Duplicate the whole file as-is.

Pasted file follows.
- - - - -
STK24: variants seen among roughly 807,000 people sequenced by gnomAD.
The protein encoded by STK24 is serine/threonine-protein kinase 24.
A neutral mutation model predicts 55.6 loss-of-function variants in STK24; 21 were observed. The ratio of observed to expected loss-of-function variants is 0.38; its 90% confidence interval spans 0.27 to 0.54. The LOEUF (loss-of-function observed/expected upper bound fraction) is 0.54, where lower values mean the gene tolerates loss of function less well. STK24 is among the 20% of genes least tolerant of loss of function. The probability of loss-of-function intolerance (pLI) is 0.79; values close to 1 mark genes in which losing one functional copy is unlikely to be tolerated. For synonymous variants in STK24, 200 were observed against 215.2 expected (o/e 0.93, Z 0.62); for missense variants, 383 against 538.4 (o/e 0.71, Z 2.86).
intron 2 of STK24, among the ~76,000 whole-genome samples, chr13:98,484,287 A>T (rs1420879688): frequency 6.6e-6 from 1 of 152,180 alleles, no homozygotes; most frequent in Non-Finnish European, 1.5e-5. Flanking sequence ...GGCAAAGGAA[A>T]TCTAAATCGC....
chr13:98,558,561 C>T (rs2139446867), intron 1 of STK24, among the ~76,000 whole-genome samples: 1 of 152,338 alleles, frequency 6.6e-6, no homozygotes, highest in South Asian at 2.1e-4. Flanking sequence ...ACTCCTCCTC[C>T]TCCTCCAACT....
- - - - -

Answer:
STK24: variants seen among roughly 807,000 people sequenced by gnomAD.
The protein encoded by STK24 is serine/threonine-protein kinase 24.
A neutral mutation model predicts 55.6 loss-of-function variants in STK24; 21 were observed. The ratio of observed to expected loss-of-function variants is 0.38; its 90% confidence interval spans 0.27 to 0.54. The LOEUF (loss-of-function observed/expected upper bound fraction) is 0.54, where lower values mean the gene tolerates loss of function less well. STK24 is among the 20% of genes least tolerant of loss of function. The probability of loss-of-function intolerance (pLI) is 0.79; values close to 1 mark genes in which losing one functional copy is unlikely to be tolerated. For synonymous variants in STK24, 200 were observed against 215.2 expected (o/e 0.93, Z 0.62); for missense variants, 383 against 538.4 (o/e 0.71, Z 2.86).
intron 2 of STK24, among the ~76,000 whole-genome samples, chr13:98,484,287 A>T (rs1420879688): frequency 6.6e-6 from 1 of 152,180 alleles, no homozygotes; most frequent in Non-Finnish European, 1.5e-5. Flanking sequence ...GGCAAAGGAA[A>T]TCTAAATCGC....
chr13:98,558,561 C>T (rs2139446867), intron 1 of STK24, among the ~76,000 whole-genome samples: 1 of 152,338 alleles, frequency 6.6e-6, no homozygotes, highest in South Asian at 2.1e-4. Flanking sequence ...ACTCCTCCTC[C>T]TCCTCCAACT....